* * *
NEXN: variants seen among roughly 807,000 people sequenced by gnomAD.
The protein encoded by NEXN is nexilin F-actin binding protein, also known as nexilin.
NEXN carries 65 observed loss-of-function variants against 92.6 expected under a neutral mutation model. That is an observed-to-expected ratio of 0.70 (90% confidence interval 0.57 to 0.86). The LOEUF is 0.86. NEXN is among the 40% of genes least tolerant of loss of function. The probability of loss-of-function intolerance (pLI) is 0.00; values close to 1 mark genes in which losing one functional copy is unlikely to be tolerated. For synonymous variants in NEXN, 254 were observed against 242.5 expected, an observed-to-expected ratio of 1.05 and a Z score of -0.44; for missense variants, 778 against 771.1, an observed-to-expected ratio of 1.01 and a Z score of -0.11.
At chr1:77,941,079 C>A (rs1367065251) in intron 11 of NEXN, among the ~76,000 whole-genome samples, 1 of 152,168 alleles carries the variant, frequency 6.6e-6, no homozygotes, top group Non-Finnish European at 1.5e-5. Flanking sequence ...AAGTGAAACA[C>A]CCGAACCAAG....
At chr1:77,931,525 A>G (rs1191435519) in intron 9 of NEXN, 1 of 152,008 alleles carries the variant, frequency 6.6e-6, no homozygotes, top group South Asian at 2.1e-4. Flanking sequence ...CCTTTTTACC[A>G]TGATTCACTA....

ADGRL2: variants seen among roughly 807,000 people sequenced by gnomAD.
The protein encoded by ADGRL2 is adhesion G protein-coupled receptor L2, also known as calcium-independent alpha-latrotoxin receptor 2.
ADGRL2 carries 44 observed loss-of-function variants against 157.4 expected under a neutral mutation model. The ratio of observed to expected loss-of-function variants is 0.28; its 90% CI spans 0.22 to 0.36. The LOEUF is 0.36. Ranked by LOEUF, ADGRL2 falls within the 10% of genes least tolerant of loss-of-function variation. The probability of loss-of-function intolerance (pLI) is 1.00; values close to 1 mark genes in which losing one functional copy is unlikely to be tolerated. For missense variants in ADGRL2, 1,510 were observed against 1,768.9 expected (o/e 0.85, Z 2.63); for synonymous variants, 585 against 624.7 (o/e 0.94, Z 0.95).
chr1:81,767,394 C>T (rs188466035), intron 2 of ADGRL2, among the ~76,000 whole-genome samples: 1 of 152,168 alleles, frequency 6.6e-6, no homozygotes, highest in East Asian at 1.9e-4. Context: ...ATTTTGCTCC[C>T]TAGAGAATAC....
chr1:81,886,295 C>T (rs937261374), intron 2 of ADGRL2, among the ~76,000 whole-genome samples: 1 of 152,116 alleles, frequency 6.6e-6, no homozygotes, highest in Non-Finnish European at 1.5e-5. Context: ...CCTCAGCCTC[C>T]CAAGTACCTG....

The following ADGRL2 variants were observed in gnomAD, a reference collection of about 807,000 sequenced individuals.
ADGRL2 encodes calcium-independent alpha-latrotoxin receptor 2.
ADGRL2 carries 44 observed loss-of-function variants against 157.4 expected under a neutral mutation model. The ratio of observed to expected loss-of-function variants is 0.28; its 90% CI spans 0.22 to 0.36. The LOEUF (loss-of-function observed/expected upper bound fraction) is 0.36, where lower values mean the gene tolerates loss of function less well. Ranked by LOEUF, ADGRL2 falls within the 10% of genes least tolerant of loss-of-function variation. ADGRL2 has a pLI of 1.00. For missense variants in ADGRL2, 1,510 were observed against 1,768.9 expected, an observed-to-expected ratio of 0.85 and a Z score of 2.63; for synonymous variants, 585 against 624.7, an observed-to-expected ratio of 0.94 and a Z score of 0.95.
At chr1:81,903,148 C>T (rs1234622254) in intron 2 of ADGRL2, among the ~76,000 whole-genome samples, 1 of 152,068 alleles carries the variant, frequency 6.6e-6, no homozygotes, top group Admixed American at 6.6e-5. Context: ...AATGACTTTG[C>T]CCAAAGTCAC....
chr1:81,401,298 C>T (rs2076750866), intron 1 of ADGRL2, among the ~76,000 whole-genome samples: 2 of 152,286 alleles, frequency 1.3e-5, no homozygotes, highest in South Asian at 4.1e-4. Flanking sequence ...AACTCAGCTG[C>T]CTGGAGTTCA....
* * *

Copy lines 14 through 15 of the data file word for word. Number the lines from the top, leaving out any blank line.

At chr1:81,903,148 C>T (rs1234622254) in intron 2 of ADGRL2, among the ~76,000 whole-genome samples, 1 of 152,068 alleles carries the variant, frequency 6.6e-6, no homozygotes, top group Admixed American at 6.6e-5. Context: ...AATGACTTTG[C>T]CCAAAGTCAC....
chr1:81,401,298 C>T (rs2076750866), intron 1 of ADGRL2, among the ~76,000 whole-genome samples: 2 of 152,286 alleles, frequency 1.3e-5, no homozygotes, highest in South Asian at 4.1e-4. Flanking sequence ...AACTCAGCTG[C>T]CTGGAGTTCA....